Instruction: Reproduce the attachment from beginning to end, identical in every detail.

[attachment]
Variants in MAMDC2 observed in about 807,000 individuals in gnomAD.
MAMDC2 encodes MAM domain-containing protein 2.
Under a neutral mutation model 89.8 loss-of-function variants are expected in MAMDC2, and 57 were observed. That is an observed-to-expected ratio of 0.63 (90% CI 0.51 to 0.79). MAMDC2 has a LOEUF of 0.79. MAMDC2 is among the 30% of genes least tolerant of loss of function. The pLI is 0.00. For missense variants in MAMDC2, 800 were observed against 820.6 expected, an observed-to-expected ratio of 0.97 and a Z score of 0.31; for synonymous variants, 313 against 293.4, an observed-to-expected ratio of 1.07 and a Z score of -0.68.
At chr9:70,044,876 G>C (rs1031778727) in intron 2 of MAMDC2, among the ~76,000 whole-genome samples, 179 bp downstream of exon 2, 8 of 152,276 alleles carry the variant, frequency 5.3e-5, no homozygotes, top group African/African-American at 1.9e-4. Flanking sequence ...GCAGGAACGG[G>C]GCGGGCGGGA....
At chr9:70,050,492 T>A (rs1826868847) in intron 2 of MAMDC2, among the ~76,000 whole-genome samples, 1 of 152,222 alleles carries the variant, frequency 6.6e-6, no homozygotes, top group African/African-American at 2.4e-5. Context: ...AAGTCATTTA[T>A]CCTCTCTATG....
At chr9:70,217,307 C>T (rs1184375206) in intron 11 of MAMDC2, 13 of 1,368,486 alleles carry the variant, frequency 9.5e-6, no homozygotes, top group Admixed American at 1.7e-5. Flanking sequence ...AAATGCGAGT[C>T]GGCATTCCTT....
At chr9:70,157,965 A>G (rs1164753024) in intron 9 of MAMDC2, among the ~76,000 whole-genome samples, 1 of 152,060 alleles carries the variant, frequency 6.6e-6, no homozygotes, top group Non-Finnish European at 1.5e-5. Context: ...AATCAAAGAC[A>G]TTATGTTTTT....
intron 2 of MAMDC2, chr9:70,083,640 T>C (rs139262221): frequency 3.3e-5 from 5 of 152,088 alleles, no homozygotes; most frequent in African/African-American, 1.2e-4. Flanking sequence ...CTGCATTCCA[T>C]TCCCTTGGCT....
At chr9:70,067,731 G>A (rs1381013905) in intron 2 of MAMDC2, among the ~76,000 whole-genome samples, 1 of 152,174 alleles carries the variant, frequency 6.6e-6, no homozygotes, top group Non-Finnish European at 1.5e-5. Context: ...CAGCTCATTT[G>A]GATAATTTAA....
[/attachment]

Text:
Variants in MAMDC2 observed in about 807,000 individuals in gnomAD.
MAMDC2 encodes MAM domain-containing protein 2.
Under a neutral mutation model 89.8 loss-of-function variants are expected in MAMDC2, and 57 were observed. That is an observed-to-expected ratio of 0.63 (90% CI 0.51 to 0.79). MAMDC2 has a LOEUF of 0.79. MAMDC2 is among the 30% of genes least tolerant of loss of function. The pLI is 0.00. For missense variants in MAMDC2, 800 were observed against 820.6 expected, an observed-to-expected ratio of 0.97 and a Z score of 0.31; for synonymous variants, 313 against 293.4, an observed-to-expected ratio of 1.07 and a Z score of -0.68.
At chr9:70,044,876 G>C (rs1031778727) in intron 2 of MAMDC2, among the ~76,000 whole-genome samples, 179 bp downstream of exon 2, 8 of 152,276 alleles carry the variant, frequency 5.3e-5, no homozygotes, top group African/African-American at 1.9e-4. Flanking sequence ...GCAGGAACGG[G>C]GCGGGCGGGA....
At chr9:70,050,492 T>A (rs1826868847) in intron 2 of MAMDC2, among the ~76,000 whole-genome samples, 1 of 152,222 alleles carries the variant, frequency 6.6e-6, no homozygotes, top group African/African-American at 2.4e-5. Context: ...AAGTCATTTA[T>A]CCTCTCTATG....
At chr9:70,217,307 C>T (rs1184375206) in intron 11 of MAMDC2, 13 of 1,368,486 alleles carry the variant, frequency 9.5e-6, no homozygotes, top group Admixed American at 1.7e-5. Flanking sequence ...AAATGCGAGT[C>T]GGCATTCCTT....
At chr9:70,157,965 A>G (rs1164753024) in intron 9 of MAMDC2, among the ~76,000 whole-genome samples, 1 of 152,060 alleles carries the variant, frequency 6.6e-6, no homozygotes, top group Non-Finnish European at 1.5e-5. Context: ...AATCAAAGAC[A>G]TTATGTTTTT....
intron 2 of MAMDC2, chr9:70,083,640 T>C (rs139262221): frequency 3.3e-5 from 5 of 152,088 alleles, no homozygotes; most frequent in African/African-American, 1.2e-4. Flanking sequence ...CTGCATTCCA[T>C]TCCCTTGGCT....
At chr9:70,067,731 G>A (rs1381013905) in intron 2 of MAMDC2, among the ~76,000 whole-genome samples, 1 of 152,174 alleles carries the variant, frequency 6.6e-6, no homozygotes, top group Non-Finnish European at 1.5e-5. Context: ...CAGCTCATTT[G>A]GATAATTTAA....